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Deprivation of liberty safeguards

Deprivation of Liberty Safeguards (DoLS) exist to provide suitable protection to all people who have a mental disorder or disability of the mind, including dementia or a profound learning disability, and lack capacity to consent to their care and treatment.
DOLS is concerned with ensuring that the restrictions applied to a person who lacks such capacity, in order to keep them safe, are:

1. In their Best Interests
2. The least restrictive option available

Since the “Cheshire West” Supreme Court ruling in March 2014, the “acid test” for DOLS is that:

  • The person does not have capacity to consent to the arrangements of their care and treatment
  • The person is under constant supervision and control
  • The person would be prevented from leaving the place where they are being cared for/treated if they attempted to

The following issues are not relevant in deciding whether a person is deprived of their Liberty:

  • Whether the person is compliant with or objecting to the arrangements for their care/treatment
  • The “relative normality” of the placement (linked to the person’s needs, disability etc.)
  • The reason for, or purpose of, the arrangements for their care/treatment

Why DoLS are important

The safeguards ensure that:

  • vulnerable individuals are able to receive care with the least restrictions necessary
  • help is in place for vulnerable individuals
  • individuals and their carers are able to challenge unlawful detention
  • professionals are provided with a clear process to work within.

The Mental Capacity Act 2005 (2009 amendments) provides a set of procedures for the assessment and authorisation of a deprivation of liberty. The procedures only apply to deprivation in the setting of a hospital or a care home, including acute hospital settings, whether publicly or privately arranged. They are overseen by the Local Authority DOLS Team as the Supervisory Body.

The DoLS Process

Any restrictions to be placed on a person need first to be agreed, under the principles of the MCA, by all the relevant professionals and involved parties (friends, family or advocates) under the principles of the Mental Capacity Act (MCA) 2005. Once the restrictions are in place (or have been identified in advance as being required, as part of the care planning process), the Managing Authority (Care Home / Hospital) have a duty to grant themselves and urgent authorisation (up to 7 days) whilst, at the same time applying to the Supervisory Body for a Standard Authorisation (DOLS).

On receipt of a DOLS request, the Supervisory Body will then allocate the assessments for the authorisation (there are 6 in total) to a Mental Health Assessor (MHA) and a Best Interest Assessor (BIA). Both of these Assessors are independent of the Care Management regime under which the arrangements for the person’s care and treatment would have been originally set up. This is to ensure there is proper independent oversight of the arrangements made for the care and treatment of any person who lacks the mental capacity to consent to those arrangements, where restrictions that amount to a deprivation of their liberty are involved.

If the Assessors recommend that a deprivation of liberty is occurring but that the arrangements made for the person are lawful and in the person’s best interest, the Supervisory Body will then grant a DOLS Authorisation for up to one year.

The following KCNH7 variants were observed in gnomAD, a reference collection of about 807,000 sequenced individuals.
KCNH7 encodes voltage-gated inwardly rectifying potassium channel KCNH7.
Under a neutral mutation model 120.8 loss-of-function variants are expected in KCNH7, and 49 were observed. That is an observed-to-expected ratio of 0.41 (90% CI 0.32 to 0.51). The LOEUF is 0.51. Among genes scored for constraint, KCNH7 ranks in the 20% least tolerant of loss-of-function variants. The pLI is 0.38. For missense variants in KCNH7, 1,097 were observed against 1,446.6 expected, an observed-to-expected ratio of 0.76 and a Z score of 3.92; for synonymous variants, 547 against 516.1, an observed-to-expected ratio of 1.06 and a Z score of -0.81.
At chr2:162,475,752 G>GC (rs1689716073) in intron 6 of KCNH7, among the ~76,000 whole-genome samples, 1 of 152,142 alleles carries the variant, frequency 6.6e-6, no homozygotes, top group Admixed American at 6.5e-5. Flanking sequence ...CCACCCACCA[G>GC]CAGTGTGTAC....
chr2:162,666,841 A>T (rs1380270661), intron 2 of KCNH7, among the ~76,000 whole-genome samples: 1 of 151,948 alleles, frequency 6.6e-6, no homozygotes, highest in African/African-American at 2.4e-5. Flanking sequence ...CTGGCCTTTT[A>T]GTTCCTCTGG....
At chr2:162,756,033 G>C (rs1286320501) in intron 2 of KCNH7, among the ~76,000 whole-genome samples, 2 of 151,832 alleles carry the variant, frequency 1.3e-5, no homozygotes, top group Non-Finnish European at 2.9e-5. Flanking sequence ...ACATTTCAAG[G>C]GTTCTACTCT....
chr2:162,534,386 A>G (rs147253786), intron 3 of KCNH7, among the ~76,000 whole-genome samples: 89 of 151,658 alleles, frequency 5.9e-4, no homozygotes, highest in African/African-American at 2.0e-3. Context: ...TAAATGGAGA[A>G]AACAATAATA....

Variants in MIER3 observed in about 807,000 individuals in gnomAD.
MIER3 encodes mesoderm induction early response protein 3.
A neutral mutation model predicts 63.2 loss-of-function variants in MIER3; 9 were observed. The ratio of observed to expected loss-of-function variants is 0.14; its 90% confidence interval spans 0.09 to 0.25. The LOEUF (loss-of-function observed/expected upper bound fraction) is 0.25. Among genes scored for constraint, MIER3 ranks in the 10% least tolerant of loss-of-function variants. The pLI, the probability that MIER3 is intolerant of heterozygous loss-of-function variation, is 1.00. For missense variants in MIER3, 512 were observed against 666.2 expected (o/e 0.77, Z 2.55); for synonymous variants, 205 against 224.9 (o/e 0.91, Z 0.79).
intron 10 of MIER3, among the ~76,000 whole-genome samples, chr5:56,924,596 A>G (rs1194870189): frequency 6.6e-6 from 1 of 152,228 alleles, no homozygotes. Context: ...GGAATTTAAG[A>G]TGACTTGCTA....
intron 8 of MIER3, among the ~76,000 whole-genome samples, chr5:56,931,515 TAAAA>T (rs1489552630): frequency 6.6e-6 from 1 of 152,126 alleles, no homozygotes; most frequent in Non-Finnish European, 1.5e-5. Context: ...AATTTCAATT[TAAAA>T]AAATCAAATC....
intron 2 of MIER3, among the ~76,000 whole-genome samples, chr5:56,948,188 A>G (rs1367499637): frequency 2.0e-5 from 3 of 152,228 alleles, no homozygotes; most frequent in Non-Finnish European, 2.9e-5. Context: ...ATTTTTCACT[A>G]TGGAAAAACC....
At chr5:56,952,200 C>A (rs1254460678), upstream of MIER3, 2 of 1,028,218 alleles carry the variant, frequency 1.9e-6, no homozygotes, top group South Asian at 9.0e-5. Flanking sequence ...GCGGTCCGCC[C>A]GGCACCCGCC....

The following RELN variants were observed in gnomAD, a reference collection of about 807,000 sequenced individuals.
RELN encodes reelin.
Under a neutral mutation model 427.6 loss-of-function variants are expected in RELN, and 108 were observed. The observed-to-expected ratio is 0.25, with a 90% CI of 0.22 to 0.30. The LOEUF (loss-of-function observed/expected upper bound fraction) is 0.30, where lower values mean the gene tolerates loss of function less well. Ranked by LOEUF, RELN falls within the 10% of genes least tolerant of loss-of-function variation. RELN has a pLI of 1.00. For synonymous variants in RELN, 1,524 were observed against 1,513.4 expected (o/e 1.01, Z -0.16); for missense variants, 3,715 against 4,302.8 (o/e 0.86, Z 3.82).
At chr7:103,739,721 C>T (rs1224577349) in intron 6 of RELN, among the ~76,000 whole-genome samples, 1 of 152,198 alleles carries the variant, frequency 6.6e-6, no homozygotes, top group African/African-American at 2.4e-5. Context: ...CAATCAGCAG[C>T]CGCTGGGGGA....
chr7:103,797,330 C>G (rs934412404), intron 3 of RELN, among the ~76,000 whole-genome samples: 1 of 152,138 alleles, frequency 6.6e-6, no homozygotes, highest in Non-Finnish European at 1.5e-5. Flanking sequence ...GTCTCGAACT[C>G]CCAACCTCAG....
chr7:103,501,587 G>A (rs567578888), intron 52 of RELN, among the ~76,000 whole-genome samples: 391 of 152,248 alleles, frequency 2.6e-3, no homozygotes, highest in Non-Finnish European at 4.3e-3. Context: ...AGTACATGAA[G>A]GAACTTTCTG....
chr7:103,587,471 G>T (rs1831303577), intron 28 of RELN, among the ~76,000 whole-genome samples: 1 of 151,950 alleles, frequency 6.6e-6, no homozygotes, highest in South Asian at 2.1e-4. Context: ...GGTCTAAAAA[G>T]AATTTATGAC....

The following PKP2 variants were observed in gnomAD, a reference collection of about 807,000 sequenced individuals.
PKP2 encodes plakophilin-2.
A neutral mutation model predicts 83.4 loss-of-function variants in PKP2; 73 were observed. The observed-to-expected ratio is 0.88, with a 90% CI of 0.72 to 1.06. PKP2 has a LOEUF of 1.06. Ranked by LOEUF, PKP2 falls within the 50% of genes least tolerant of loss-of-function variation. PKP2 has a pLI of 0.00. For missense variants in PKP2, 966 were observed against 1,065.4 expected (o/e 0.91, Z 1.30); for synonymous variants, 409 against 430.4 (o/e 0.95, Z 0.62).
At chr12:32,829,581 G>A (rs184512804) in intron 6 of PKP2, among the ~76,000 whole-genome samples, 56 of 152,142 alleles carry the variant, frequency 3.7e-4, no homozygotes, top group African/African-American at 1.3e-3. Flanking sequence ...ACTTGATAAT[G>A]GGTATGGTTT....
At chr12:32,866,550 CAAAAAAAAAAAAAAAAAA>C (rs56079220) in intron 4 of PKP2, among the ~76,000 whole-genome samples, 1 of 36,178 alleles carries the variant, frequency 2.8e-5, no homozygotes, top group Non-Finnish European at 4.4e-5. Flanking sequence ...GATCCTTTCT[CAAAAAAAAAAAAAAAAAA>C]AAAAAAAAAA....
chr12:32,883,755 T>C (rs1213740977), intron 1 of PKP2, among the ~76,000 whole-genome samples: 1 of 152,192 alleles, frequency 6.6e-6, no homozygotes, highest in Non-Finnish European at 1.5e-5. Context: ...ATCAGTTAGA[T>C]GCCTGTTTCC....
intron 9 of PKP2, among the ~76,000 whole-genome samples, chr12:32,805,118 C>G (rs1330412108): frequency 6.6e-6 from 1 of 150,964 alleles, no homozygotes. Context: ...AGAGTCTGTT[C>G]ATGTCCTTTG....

For people living in shared lives schemes or in supported living, the deprivation of liberty can only be authorised by the Court of Protection. The process is different from that fo r DOLS in Hospitals and Care Homes and is not co-ordinated by the DOLS Team, although the DOLS Team can advise on the issues involved. A Special form (CoP-DOL10) has to be completed by the involved Social Worker. See below for links to download this form and the guidelines.

Concerns about deprivation for liberty in other people's homes or other settings should be raised under the Safeguarding Adults procedures.

Independent Mental Capacity Advocate (IMCA)

Where the person who is being assessed for DOLS has no friends or family involved with them, only than professionals, then it is the statutory duty of the Supervisory Body to appoint an IMCA to support them through the DOLS assessment process and to represent their Best Interests to the BIA.

Independent Mental Capacity Advocate (IMCA)

Relevant person's representative

Part of keeping safe and protecting your friend or family member is making sure they have someone to speak for them.

The representative will:

  • visit your friend of family member often
  • check that everything is ok or let us know if it isn't
  • tell us if they move address of change contact number
  • be involved if there’s a review

If you need help to understand the role of a representative, free support is available.

To request a DOLS Authorisation:

To make a request for authorisation please download the relevant Deprivation of Liberty Safeguards standard form from the ADASS website below. Completed forms should then be emailed or faxed to the DoLS Team.

To make an enquiry contact the DoLS Coordinator:

Deprivation of Liberty Safeguards Team
Adult Social Care
Willow House
869 Forest Road
Walthamstow E17 4UH

Phone: 020 8496 3000
Fax: 020 8496 6916

Further Information:

DOLS Code of Practice.pdf (470 KB) 

DoLS BRIEFING Note 1 - Adult Social Care.pdf (118 KB)

DoLS BRIEFING Note 2 - Provider Services - Res - Supported living.pdf (98 KB)

You can also download the DOLS in Shared Lives / Supported Living: Court of Protection Form and guidelines for Social Workers.

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